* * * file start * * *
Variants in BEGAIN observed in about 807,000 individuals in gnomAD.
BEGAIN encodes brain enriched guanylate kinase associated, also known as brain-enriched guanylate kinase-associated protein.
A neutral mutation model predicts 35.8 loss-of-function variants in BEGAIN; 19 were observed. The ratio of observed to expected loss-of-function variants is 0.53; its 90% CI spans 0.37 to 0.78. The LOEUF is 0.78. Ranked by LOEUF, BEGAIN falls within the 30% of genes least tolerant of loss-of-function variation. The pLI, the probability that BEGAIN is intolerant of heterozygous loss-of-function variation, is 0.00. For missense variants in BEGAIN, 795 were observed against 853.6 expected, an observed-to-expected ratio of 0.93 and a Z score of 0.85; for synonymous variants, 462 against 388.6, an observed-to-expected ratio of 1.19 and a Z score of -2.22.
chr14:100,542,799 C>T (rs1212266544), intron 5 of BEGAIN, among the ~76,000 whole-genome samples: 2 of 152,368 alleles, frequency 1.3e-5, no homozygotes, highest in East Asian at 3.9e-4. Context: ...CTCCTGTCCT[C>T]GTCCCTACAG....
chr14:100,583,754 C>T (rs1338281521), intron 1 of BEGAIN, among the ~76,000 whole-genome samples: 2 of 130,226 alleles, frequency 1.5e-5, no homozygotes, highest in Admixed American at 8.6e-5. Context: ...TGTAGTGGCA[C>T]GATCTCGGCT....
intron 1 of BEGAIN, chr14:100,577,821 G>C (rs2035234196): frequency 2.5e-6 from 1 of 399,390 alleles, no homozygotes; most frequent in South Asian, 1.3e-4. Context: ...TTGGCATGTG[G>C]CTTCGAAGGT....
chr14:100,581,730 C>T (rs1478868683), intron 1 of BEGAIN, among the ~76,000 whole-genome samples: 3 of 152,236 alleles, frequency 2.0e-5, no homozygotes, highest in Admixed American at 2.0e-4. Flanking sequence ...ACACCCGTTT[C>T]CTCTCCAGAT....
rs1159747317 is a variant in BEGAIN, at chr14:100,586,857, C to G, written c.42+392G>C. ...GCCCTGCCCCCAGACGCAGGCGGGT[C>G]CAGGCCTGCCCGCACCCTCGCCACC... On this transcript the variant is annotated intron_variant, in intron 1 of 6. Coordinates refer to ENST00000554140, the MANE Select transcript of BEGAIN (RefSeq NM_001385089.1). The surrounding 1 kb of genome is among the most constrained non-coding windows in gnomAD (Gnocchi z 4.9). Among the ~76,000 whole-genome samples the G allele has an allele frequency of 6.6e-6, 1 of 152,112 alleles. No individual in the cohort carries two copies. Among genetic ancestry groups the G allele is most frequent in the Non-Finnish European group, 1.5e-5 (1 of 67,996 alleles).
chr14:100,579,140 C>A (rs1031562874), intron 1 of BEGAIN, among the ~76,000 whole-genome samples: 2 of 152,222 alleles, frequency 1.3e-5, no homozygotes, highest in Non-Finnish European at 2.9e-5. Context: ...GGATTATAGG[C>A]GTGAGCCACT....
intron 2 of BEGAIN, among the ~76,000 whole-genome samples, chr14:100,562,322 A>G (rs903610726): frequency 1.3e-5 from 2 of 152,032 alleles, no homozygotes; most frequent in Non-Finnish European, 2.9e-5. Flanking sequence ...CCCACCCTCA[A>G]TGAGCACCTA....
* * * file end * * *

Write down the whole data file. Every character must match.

Variants in BEGAIN observed in about 807,000 individuals in gnomAD.
BEGAIN encodes brain enriched guanylate kinase associated, also known as brain-enriched guanylate kinase-associated protein.
A neutral mutation model predicts 35.8 loss-of-function variants in BEGAIN; 19 were observed. The ratio of observed to expected loss-of-function variants is 0.53; its 90% CI spans 0.37 to 0.78. The LOEUF is 0.78. Ranked by LOEUF, BEGAIN falls within the 30% of genes least tolerant of loss-of-function variation. The pLI, the probability that BEGAIN is intolerant of heterozygous loss-of-function variation, is 0.00. For missense variants in BEGAIN, 795 were observed against 853.6 expected, an observed-to-expected ratio of 0.93 and a Z score of 0.85; for synonymous variants, 462 against 388.6, an observed-to-expected ratio of 1.19 and a Z score of -2.22.
chr14:100,542,799 C>T (rs1212266544), intron 5 of BEGAIN, among the ~76,000 whole-genome samples: 2 of 152,368 alleles, frequency 1.3e-5, no homozygotes, highest in East Asian at 3.9e-4. Context: ...CTCCTGTCCT[C>T]GTCCCTACAG....
chr14:100,583,754 C>T (rs1338281521), intron 1 of BEGAIN, among the ~76,000 whole-genome samples: 2 of 130,226 alleles, frequency 1.5e-5, no homozygotes, highest in Admixed American at 8.6e-5. Context: ...TGTAGTGGCA[C>T]GATCTCGGCT....
intron 1 of BEGAIN, chr14:100,577,821 G>C (rs2035234196): frequency 2.5e-6 from 1 of 399,390 alleles, no homozygotes; most frequent in South Asian, 1.3e-4. Context: ...TTGGCATGTG[G>C]CTTCGAAGGT....
chr14:100,581,730 C>T (rs1478868683), intron 1 of BEGAIN, among the ~76,000 whole-genome samples: 3 of 152,236 alleles, frequency 2.0e-5, no homozygotes, highest in Admixed American at 2.0e-4. Flanking sequence ...ACACCCGTTT[C>T]CTCTCCAGAT....
rs1159747317 is a variant in BEGAIN, at chr14:100,586,857, C to G, written c.42+392G>C. ...GCCCTGCCCCCAGACGCAGGCGGGT[C>G]CAGGCCTGCCCGCACCCTCGCCACC... On this transcript the variant is annotated intron_variant, in intron 1 of 6. Coordinates refer to ENST00000554140, the MANE Select transcript of BEGAIN (RefSeq NM_001385089.1). The surrounding 1 kb of genome is among the most constrained non-coding windows in gnomAD (Gnocchi z 4.9). Among the ~76,000 whole-genome samples the G allele has an allele frequency of 6.6e-6, 1 of 152,112 alleles. No individual in the cohort carries two copies. Among genetic ancestry groups the G allele is most frequent in the Non-Finnish European group, 1.5e-5 (1 of 67,996 alleles).
chr14:100,579,140 C>A (rs1031562874), intron 1 of BEGAIN, among the ~76,000 whole-genome samples: 2 of 152,222 alleles, frequency 1.3e-5, no homozygotes, highest in Non-Finnish European at 2.9e-5. Context: ...GGATTATAGG[C>A]GTGAGCCACT....
intron 2 of BEGAIN, among the ~76,000 whole-genome samples, chr14:100,562,322 A>G (rs903610726): frequency 1.3e-5 from 2 of 152,032 alleles, no homozygotes; most frequent in Non-Finnish European, 2.9e-5. Flanking sequence ...CCCACCCTCA[A>G]TGAGCACCTA....